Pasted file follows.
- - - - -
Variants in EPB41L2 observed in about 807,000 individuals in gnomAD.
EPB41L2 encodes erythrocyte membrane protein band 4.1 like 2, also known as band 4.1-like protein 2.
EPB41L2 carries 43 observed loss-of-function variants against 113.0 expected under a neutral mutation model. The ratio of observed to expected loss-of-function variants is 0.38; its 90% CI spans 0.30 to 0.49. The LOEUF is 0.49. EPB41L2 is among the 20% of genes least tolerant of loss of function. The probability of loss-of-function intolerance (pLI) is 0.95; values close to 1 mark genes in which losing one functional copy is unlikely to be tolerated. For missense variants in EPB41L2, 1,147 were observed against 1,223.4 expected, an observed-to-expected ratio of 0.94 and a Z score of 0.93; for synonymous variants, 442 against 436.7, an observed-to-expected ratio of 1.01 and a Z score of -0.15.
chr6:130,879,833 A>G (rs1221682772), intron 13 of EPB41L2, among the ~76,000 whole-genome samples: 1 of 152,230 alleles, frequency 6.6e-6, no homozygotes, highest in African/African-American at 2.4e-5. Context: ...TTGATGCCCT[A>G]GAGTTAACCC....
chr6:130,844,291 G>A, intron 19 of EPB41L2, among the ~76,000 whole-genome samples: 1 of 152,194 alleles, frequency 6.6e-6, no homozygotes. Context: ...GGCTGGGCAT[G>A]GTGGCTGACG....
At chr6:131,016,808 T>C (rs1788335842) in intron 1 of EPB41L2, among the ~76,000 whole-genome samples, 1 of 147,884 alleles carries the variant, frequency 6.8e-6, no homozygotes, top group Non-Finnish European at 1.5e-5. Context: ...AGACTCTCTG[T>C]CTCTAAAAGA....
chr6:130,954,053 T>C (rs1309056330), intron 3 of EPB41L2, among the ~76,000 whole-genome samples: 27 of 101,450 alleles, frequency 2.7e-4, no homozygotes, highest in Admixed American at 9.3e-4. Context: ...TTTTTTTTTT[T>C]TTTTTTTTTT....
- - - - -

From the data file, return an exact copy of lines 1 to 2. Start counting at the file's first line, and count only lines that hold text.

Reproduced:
Variants in EPB41L2 observed in about 807,000 individuals in gnomAD.
EPB41L2 encodes erythrocyte membrane protein band 4.1 like 2, also known as band 4.1-like protein 2.